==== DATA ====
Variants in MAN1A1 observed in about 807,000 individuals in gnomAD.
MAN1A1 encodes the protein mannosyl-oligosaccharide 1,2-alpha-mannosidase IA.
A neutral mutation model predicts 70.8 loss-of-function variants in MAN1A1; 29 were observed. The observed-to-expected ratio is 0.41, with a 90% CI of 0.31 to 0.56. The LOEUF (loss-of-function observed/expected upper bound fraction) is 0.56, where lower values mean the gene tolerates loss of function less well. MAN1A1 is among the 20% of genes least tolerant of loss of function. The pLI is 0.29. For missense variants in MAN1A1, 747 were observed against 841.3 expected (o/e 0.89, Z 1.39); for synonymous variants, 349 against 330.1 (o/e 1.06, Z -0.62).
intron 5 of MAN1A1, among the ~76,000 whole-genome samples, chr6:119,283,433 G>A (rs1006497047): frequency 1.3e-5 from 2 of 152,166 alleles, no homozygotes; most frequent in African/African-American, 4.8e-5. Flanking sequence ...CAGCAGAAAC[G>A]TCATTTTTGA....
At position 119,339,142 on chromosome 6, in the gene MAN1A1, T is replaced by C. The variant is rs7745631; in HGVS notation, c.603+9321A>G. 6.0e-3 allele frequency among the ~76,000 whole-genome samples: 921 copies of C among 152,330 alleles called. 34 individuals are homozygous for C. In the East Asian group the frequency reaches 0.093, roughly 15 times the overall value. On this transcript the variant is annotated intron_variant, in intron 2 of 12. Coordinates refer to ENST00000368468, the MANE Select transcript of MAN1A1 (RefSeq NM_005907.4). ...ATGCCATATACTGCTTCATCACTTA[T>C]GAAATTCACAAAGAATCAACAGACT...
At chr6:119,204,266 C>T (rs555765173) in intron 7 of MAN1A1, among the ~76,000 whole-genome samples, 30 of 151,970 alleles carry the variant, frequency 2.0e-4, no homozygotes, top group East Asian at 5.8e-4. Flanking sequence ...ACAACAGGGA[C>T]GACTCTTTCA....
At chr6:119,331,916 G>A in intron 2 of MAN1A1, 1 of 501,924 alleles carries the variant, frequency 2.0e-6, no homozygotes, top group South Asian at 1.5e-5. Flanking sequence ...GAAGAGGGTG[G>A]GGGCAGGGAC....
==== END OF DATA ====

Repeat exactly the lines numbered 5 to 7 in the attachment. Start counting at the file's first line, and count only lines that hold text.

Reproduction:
At position 119,339,142 on chromosome 6, in the gene MAN1A1, T is replaced by C. The variant is rs7745631; in HGVS notation, c.603+9321A>G. 6.0e-3 allele frequency among the ~76,000 whole-genome samples: 921 copies of C among 152,330 alleles called. 34 individuals are homozygous for C. In the East Asian group the frequency reaches 0.093, roughly 15 times the overall value. On this transcript the variant is annotated intron_variant, in intron 2 of 12. Coordinates refer to ENST00000368468, the MANE Select transcript of MAN1A1 (RefSeq NM_005907.4). ...ATGCCATATACTGCTTCATCACTTA[T>C]GAAATTCACAAAGAATCAACAGACT...
At chr6:119,204,266 C>T (rs555765173) in intron 7 of MAN1A1, among the ~76,000 whole-genome samples, 30 of 151,970 alleles carry the variant, frequency 2.0e-4, no homozygotes, top group East Asian at 5.8e-4. Flanking sequence ...ACAACAGGGA[C>T]GACTCTTTCA....
At chr6:119,331,916 G>A in intron 2 of MAN1A1, 1 of 501,924 alleles carries the variant, frequency 2.0e-6, no homozygotes, top group South Asian at 1.5e-5. Flanking sequence ...GAAGAGGGTG[G>A]GGGCAGGGAC....